Of course, I would’ve rather had the 49ers win, but I think it was great for him. You know the year they had, front and back everybody has their ups and downs. Succumbing to an injury and being able to finish it out I think for him was probably the ultimate, and I totally understand that.
B/R: Give us your thoughts Colin Kaepernick’s first season as starter and his future as an NFL quarterback.
Montana: Well, he had a great run. I forget how many games he played—eight, nine or 10 or something like that. It will be fun to see him from the start next year; I think he has a good future as long as he stays healthy.
The only issue is with guys that pick it up and run a lot, case and point RG3, it’s just hard to stay healthy in the NFL. As fast as those guys can run, it’s just nothing like a running back, they don’t prepare like a running back. If he can protect himself though, he should be fine.
B/R: How much easier do quarterbacks have it today with the rules favoring the offense?
Montana: The game is still difficult no matter what you do and no matter what rules have changed. You know when you are not going to get hit; it is a little bit easier to stay in there. If you can stay hanging in there long enough, the receivers are going to get off the ball because you can’t get your hands on them too much on the outside.
A lot of guys are getting free releases and if you go back to the championship game, they just let Vernon Davis off the line. I’m not sure how you do that with a guy making that many catches—after two I figure you go, “OK someone get a helmet on him, grab that jersey if you have too.” So, it’s a little bit easier, but it’s still difficult.
B/R: When playing under Bill Walsh, what were the key points he stressed in QB play?
Montana: We had progressions and things. Walsh would say, “Look, I’m going to make a bad call.” That’s what I don’t see as much from today’s style of offense. Yeah, they are up there making some calls, but usually they are changing a run to a run. If he made a bad call it was his mistake, but in most cases he was going to give you the best chance that you had and all we had to do was execute the play.
He would also say, “Look if this guy is open down the field, I’m going to give you a shot down the field. If it’s first down and the defender doesn’t like it I’m going to give you a couple more up here underneath.” So I made sure I went through my progressions and got the ball out of my hands to one of those guys and we moved onto the next play. His thing was execution and he wanted it done perfectly.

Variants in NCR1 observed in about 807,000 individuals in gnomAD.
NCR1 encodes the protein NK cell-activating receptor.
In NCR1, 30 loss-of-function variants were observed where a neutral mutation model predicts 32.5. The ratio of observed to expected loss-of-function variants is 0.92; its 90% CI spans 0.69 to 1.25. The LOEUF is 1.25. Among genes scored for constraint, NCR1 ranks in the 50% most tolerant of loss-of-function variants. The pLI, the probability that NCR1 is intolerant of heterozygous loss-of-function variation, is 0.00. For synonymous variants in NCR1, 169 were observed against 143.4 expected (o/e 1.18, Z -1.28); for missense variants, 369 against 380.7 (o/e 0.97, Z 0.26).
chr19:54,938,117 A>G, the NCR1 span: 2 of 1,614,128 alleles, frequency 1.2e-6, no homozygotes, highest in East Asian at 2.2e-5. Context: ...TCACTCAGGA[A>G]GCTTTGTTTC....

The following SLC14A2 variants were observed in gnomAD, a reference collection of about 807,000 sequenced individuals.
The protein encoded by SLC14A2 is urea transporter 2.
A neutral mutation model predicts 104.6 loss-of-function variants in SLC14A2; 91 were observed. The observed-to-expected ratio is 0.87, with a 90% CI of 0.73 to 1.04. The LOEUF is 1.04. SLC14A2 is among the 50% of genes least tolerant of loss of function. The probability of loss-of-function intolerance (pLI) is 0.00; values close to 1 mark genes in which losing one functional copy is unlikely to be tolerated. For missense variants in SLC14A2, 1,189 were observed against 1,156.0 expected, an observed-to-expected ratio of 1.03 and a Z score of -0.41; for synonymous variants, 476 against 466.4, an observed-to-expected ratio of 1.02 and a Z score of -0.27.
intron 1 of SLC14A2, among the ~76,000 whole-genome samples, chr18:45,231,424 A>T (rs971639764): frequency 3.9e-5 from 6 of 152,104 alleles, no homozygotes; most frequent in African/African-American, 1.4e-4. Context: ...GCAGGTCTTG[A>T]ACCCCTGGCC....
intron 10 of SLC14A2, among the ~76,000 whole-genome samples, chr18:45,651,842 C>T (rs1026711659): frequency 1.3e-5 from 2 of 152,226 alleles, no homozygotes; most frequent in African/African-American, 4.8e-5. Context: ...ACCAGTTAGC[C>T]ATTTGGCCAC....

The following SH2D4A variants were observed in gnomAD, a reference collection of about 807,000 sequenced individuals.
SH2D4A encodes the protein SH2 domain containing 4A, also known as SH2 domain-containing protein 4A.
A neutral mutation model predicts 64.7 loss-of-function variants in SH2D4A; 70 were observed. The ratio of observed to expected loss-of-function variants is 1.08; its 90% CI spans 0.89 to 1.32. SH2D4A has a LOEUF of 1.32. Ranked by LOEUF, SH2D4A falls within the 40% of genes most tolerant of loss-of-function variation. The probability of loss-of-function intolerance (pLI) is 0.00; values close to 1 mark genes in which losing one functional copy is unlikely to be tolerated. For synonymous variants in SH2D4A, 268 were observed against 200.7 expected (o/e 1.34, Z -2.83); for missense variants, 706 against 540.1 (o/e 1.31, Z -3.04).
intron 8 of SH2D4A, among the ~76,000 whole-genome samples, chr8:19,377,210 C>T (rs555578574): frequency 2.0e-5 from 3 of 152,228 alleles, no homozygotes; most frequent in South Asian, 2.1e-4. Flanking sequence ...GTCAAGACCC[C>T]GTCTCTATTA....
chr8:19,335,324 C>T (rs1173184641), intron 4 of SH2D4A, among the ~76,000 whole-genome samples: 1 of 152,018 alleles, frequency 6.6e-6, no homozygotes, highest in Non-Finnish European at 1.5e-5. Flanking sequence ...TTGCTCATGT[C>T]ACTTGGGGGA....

B/R: How important was balance in the West Coast offense?
Montana: Especially early on, I think where it stemmed from was the fact we really didn’t have a running game, or one that we could put a lot of faith in until later in my years. So Walsh would approach the short passing game as a part of the running game.
He would say, “First down I am going to call a pass: You know if you check down here to the back or the tight end it’s OK because we’ll take four yards.” It is a funny thing how a defense thinks. A defense is thinking, OK if you hand the ball off to a running back and he gets four yards, it’s unacceptable to give up four yards on a first down run.
But when you drop back and pass and you get three or four yards to the tight end, they think they stopped you. Yet in reality, you have the same four yards and it allowed you to keep moving the ball. That helps keep pressure on the defense, and all of a sudden you are on their 20 and they’re going, “How did those guys get here?”
B/R: Who is the greatest player you ever shared the field with?
Montana: Well probably you can’t bring that question up without answering two guys, Ronnie Lott and Jerry Rice.
B/R: Growing up, who was your favorite player?
Montana: I didn’t really try to model my game after anyone because especially in the area I was growing up in I was watching Bradshaw, and he had a cannon and I didn’t have one of those. I grew up outside of Pittsburgh watching the Steelers go through their Super Bowl runs and I thought Bradshaw was fun to watch, and I was looking at guys like Unitas and Namath. But most of all, you know, Pittsburgh, because it would be great to have your hometown win.